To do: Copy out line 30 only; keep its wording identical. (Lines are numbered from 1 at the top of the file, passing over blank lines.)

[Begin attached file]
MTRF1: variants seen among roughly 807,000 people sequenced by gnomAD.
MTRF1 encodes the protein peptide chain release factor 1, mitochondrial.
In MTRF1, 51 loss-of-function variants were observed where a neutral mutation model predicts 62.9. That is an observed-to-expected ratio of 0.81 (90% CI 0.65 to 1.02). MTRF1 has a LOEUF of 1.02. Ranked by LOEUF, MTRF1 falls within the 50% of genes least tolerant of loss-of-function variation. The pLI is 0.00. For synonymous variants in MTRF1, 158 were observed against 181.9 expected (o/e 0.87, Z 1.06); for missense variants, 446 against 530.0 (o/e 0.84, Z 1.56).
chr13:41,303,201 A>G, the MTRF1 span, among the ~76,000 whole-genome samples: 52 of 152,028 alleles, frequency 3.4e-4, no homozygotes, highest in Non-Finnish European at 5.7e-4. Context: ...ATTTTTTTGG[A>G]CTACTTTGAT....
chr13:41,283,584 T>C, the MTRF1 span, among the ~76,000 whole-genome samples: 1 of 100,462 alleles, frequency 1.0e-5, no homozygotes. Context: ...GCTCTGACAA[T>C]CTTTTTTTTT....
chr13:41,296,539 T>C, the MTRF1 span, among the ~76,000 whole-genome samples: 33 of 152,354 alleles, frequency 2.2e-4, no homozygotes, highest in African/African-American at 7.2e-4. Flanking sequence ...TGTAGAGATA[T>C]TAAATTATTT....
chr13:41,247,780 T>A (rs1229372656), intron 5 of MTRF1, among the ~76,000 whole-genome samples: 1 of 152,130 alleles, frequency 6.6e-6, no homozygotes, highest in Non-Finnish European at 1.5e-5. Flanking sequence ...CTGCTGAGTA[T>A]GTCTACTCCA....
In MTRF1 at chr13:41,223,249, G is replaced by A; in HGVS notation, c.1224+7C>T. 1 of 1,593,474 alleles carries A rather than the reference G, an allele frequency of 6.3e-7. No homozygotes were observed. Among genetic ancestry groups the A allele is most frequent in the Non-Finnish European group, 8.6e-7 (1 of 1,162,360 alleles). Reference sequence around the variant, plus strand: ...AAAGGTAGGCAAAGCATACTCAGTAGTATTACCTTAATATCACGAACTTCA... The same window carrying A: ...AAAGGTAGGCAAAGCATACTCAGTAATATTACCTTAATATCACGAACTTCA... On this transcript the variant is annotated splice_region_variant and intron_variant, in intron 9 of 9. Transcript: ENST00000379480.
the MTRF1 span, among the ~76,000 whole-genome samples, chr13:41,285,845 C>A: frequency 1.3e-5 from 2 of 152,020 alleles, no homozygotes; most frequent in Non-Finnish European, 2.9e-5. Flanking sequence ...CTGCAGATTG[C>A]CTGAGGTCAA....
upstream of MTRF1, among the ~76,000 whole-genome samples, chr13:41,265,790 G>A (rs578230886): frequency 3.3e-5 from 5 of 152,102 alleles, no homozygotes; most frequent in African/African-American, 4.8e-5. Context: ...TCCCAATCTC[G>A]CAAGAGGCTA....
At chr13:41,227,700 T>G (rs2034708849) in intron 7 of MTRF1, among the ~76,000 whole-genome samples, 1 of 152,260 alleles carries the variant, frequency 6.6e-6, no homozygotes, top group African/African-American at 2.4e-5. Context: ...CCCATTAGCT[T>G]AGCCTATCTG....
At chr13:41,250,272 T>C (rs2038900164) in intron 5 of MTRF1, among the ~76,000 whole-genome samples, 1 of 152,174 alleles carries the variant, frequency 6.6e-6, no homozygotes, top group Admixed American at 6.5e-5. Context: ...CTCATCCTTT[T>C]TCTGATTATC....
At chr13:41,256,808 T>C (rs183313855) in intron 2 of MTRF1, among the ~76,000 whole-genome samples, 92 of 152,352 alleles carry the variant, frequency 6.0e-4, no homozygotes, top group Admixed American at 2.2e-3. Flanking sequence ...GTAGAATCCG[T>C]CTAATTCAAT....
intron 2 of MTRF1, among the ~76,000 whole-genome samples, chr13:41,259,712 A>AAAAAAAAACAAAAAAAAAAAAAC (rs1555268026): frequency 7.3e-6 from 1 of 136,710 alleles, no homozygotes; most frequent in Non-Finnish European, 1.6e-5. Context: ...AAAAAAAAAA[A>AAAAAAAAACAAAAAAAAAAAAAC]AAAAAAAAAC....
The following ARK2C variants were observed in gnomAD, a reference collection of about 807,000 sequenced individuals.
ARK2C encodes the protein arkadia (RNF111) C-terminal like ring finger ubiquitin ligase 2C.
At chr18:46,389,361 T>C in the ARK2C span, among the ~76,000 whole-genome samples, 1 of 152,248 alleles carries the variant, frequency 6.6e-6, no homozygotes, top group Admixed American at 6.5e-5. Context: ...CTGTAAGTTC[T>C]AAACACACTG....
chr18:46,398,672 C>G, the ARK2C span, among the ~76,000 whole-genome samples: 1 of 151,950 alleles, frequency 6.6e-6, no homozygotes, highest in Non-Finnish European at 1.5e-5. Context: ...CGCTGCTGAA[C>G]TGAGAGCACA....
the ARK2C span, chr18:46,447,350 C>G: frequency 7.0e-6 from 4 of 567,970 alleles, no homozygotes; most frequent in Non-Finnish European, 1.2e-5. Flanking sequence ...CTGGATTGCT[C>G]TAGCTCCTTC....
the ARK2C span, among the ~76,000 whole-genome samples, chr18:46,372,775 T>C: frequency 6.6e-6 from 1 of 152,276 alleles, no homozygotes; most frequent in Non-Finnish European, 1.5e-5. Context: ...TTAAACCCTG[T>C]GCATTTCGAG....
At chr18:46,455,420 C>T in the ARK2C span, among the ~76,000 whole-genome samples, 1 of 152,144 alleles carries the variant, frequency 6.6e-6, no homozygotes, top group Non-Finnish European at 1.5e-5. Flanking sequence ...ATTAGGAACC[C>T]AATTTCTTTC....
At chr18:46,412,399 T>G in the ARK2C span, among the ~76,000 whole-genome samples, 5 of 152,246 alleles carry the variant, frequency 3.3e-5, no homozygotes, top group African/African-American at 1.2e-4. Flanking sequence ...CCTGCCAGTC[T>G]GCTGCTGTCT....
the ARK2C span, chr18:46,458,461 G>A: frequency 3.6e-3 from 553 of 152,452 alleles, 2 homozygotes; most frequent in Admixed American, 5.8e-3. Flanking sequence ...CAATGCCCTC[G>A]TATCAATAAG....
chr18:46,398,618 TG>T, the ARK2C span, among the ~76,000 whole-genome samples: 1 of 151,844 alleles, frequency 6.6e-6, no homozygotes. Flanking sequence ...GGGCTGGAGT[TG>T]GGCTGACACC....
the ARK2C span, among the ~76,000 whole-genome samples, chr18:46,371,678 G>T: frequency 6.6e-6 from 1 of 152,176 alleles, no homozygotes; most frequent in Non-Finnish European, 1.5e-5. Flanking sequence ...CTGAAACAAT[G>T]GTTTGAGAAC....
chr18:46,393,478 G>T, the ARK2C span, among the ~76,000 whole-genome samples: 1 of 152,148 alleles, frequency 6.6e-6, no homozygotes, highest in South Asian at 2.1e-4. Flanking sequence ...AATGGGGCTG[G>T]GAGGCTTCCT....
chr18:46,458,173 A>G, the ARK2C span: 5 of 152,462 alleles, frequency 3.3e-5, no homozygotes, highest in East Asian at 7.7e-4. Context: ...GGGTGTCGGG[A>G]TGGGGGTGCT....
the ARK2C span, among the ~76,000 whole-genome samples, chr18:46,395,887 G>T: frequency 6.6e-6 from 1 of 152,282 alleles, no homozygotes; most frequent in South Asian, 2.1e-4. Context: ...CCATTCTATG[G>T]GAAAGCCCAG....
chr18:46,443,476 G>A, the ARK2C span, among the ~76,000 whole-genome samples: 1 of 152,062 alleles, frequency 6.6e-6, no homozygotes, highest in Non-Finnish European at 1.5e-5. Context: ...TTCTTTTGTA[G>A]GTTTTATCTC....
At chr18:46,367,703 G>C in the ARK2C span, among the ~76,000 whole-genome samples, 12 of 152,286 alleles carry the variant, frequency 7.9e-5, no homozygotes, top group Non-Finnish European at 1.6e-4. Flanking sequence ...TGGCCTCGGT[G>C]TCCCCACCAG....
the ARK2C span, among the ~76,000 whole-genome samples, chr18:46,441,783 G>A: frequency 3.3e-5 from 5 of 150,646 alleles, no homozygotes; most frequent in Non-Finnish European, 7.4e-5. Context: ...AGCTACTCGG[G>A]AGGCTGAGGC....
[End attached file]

At chr18:46,367,703 G>C in the ARK2C span, among the ~76,000 whole-genome samples, 12 of 152,286 alleles carry the variant, frequency 7.9e-5, no homozygotes, top group Non-Finnish European at 1.6e-4. Flanking sequence ...TGGCCTCGGT[G>C]TCCCCACCAG....